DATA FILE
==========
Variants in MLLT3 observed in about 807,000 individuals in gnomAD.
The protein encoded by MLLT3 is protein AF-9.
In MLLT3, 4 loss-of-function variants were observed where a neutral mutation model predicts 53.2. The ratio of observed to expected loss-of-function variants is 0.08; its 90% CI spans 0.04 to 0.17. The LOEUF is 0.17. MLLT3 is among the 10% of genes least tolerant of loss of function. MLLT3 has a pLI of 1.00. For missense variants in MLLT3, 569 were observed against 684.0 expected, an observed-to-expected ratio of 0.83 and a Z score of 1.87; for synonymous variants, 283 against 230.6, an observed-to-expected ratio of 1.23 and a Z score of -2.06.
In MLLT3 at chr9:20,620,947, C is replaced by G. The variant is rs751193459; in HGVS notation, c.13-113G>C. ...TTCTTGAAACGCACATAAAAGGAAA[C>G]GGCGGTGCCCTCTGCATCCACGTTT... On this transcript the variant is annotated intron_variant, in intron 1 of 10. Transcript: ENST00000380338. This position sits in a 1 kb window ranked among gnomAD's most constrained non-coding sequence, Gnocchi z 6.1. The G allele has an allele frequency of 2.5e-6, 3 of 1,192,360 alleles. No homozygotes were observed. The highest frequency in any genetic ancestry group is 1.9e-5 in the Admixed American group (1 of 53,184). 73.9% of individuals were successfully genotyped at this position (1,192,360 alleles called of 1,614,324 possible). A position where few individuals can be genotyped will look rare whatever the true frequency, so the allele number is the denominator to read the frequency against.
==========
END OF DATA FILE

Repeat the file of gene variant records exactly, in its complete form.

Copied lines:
Variants in MLLT3 observed in about 807,000 individuals in gnomAD.
The protein encoded by MLLT3 is protein AF-9.
In MLLT3, 4 loss-of-function variants were observed where a neutral mutation model predicts 53.2. The ratio of observed to expected loss-of-function variants is 0.08; its 90% CI spans 0.04 to 0.17. The LOEUF is 0.17. MLLT3 is among the 10% of genes least tolerant of loss of function. MLLT3 has a pLI of 1.00. For missense variants in MLLT3, 569 were observed against 684.0 expected, an observed-to-expected ratio of 0.83 and a Z score of 1.87; for synonymous variants, 283 against 230.6, an observed-to-expected ratio of 1.23 and a Z score of -2.06.
In MLLT3 at chr9:20,620,947, C is replaced by G. The variant is rs751193459; in HGVS notation, c.13-113G>C. ...TTCTTGAAACGCACATAAAAGGAAA[C>G]GGCGGTGCCCTCTGCATCCACGTTT... On this transcript the variant is annotated intron_variant, in intron 1 of 10. Transcript: ENST00000380338. This position sits in a 1 kb window ranked among gnomAD's most constrained non-coding sequence, Gnocchi z 6.1. The G allele has an allele frequency of 2.5e-6, 3 of 1,192,360 alleles. No homozygotes were observed. The highest frequency in any genetic ancestry group is 1.9e-5 in the Admixed American group (1 of 53,184). 73.9% of individuals were successfully genotyped at this position (1,192,360 alleles called of 1,614,324 possible). A position where few individuals can be genotyped will look rare whatever the true frequency, so the allele number is the denominator to read the frequency against.